Close Menu

NEW YORK (GenomeWeb News) – Genomas has won a $1.4 million grant from the National Institutes of Health to develop pharmacogenomic technology that will help doctors predict drug efficacy and side-effect risk for neuropsychiatric disease patients.

The company plans to use the Small Business Innovation Research grant to continue developing its PhyzioType Systems, which use genetic polymorphisms found through array genotyping and an algorithm to help doctors develop personalized drug prescriptions for antidepressants and antipsychotics.

To read the full story....

...and receive Daily News bulletins.

Already have a GenomeWeb or 360Dx account?
Login Now.

Researchers trace DNA on a clay pipe found at a former slave site to a population that lives in what is now Sierra Leone, the Washington Post reports.

Two researchers report on their genetic analysis of samples from a shawl thought to belong to a victim of Jack the Ripper, ScienceInsider reports.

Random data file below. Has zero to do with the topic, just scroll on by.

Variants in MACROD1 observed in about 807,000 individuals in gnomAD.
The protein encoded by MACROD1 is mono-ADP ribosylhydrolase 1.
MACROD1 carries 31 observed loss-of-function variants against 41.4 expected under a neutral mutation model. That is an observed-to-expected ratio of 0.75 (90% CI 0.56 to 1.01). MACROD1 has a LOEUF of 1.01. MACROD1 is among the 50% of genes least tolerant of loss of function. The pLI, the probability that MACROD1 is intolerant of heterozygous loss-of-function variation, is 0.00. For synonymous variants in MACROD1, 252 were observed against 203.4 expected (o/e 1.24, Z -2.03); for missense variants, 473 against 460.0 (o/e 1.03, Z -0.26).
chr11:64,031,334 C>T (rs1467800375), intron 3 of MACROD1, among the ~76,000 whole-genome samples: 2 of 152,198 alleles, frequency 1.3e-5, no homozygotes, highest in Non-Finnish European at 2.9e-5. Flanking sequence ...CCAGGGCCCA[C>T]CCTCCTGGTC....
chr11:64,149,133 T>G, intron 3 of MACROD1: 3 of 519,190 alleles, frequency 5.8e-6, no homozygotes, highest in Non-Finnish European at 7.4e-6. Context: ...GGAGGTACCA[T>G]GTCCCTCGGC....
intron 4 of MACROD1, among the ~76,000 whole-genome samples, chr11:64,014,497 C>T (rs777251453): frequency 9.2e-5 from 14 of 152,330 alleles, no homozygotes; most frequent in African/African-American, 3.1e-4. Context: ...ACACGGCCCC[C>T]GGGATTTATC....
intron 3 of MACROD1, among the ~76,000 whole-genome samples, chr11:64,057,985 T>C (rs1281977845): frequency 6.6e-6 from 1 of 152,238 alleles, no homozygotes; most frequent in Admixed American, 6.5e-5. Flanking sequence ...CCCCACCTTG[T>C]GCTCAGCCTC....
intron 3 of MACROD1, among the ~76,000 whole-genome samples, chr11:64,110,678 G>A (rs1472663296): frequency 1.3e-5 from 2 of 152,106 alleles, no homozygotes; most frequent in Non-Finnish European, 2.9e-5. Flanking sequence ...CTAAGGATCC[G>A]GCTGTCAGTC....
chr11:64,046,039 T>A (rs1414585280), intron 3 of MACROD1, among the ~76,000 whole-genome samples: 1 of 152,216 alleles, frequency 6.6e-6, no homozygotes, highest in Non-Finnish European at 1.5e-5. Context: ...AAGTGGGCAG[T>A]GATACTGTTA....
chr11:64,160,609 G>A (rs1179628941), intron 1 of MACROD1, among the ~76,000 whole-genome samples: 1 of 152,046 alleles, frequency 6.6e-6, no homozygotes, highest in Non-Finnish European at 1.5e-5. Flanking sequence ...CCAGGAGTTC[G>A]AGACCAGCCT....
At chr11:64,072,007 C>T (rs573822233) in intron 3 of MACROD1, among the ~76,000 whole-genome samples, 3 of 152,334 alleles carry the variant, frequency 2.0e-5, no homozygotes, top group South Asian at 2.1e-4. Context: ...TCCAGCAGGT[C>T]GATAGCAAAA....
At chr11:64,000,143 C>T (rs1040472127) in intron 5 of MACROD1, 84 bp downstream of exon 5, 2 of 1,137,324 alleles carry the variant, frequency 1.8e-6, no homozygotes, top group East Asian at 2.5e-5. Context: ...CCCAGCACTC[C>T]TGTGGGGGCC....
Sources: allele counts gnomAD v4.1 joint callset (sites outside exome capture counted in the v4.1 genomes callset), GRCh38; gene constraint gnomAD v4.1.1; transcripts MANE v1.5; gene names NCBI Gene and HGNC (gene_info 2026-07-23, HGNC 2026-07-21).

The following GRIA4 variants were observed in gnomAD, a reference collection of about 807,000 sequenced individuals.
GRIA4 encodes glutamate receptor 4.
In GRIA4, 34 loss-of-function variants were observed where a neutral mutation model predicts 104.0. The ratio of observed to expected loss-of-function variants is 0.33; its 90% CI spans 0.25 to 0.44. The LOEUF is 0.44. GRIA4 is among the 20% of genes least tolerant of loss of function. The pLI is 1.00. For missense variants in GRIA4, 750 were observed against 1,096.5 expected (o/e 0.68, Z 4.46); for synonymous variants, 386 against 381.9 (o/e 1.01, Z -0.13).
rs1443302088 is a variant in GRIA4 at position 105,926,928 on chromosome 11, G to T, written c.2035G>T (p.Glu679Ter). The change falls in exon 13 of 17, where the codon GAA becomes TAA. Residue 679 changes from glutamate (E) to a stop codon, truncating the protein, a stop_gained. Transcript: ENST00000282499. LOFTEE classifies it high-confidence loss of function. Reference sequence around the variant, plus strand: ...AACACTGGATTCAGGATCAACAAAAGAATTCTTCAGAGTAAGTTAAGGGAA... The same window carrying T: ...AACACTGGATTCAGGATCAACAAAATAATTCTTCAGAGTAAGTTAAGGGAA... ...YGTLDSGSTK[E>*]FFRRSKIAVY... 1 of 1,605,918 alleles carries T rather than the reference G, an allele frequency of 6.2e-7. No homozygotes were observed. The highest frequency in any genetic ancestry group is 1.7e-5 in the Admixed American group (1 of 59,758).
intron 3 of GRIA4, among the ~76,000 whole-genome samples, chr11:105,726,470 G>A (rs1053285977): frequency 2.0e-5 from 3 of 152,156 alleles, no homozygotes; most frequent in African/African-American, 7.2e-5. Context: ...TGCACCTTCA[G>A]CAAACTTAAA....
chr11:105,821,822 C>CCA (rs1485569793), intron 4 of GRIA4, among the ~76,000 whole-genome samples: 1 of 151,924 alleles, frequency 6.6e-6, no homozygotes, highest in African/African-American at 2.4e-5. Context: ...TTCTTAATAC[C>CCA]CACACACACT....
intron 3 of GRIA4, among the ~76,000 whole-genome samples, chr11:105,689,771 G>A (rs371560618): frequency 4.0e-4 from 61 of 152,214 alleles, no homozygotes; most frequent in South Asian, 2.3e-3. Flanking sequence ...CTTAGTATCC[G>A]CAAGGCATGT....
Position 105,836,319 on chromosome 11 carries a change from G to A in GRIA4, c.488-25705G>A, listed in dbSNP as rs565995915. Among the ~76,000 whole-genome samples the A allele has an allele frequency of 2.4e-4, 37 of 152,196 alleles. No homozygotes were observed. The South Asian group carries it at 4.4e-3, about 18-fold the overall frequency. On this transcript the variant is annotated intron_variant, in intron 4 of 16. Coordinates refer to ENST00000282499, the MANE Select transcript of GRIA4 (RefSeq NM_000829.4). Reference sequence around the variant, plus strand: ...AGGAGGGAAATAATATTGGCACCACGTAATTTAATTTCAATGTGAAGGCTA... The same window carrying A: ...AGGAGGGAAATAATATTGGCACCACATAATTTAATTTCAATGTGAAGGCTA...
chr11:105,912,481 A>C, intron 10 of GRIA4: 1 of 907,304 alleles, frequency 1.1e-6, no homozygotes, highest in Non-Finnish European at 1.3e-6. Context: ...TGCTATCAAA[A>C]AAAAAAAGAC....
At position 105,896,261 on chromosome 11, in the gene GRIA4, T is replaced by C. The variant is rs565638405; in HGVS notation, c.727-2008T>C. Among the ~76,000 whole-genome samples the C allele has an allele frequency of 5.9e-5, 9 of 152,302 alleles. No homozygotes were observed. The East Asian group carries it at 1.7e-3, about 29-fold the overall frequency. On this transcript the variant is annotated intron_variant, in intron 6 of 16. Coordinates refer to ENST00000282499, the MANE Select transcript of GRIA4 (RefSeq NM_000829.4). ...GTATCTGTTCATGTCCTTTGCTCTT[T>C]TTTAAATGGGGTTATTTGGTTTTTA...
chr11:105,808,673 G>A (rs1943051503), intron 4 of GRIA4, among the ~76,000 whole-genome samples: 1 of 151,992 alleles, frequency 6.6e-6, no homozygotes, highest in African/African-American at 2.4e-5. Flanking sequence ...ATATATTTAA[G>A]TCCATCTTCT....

Japan is to release rules governing some gene-edited food, according to NHK World.

In PLOS this week: computational strategy for improving gene set analysis testing, miRNAs linked to sleep apnea, and more.

Mar
20
Sponsored by
Qiagen

This webinar will discuss how a new multiplexed testing system can help physicians rapidly diagnose acute respiratory infections in the near-patient setting.

Mar
21
Sponsored by
Loop Genomics

This webinar provides a comparison of next-generation sequencing (NGS) approaches for human transcriptome sequencing, including short-read Illumina sequencing and synthetic long-read sequencing technology.

Mar
28
Sponsored by
Qiagen

The Human Gene Mutation Database (HGMD) is a manually curated, comprehensive collection of disease-causing, germline mutations. Since 1996, a team of experts has manually catalogued over a quarter of a million mutations for the database.  

Apr
11
Sponsored by
Bionano Genomics

This webinar will review a recent study that applied whole-genome sequencing and optical genome mapping to identify a large number of previously undetected somatic structural variants in leukemia samples.